What to make of all of this? "Separation of church and state" is a nice phrase. But in practice, church and state are intertwined in many ways, and clashes are bound to occur. The freedom to believe something seems to be quite broad; the freedom to carry out what you believe, however, is more limited.
We have a complex society. It is hard to make rules that satisfy everyone. Justice Stewart famously said of pornography that while he had trouble defining it, he knew it when he saw it. The lines we establish to create appropriate separation of church and state are hard to draw, and we all have our own gut reactions to when the wall is breached and when it isn't.
Let us turn down the rhetoric and try to understand each others' sensitivities. For me, the rule should be that the government should make essentially secular decisions, in the light of what is best for the population, without cramming religious dogma down a citizen's throat. A presidential candidate who says that his religion is so important to him that he will base his executive decisions, budget and policies on his religious beliefs is campaigning for a particular religion, and this is offensive to me. A candidate who has personal religious beliefs that are important to him, but which he does not desire to foist upon the population at large, is more appealing.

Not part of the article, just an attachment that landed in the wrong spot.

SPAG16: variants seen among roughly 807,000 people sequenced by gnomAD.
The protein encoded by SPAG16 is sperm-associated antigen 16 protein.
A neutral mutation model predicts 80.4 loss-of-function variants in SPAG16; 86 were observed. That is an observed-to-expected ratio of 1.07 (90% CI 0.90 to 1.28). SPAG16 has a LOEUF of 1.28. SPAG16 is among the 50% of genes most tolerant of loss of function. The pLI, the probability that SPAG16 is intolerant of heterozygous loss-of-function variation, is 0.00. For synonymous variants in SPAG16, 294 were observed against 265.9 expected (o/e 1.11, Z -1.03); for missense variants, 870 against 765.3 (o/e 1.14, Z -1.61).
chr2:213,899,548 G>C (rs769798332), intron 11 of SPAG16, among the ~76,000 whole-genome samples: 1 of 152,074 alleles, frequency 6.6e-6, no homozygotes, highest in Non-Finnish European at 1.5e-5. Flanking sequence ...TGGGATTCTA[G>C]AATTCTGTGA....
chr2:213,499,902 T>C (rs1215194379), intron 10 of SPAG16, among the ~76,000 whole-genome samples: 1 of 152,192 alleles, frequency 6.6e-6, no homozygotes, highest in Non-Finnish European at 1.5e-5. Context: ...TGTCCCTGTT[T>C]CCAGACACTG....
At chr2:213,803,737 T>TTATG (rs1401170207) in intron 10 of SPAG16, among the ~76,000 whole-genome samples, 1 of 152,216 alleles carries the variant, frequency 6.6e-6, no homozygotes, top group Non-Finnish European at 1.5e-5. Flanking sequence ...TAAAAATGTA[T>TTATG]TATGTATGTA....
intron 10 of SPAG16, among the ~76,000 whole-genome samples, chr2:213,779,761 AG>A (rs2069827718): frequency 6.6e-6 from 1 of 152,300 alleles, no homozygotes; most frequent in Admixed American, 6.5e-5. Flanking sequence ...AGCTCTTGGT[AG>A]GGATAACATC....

Thus, although John F. Kennedy was wrong when he advocated that the separation of church and state should be "absolute," I stand with Kennedy's ideal of not permitting his religious beliefs to interfere with (and indeed, rule) his public policy objectives and pronouncements.
Irwin E. Weiss is an attorney in Towson. His email is firstname.lastname@example.org.Copyright © 2015, The Baltimore Sun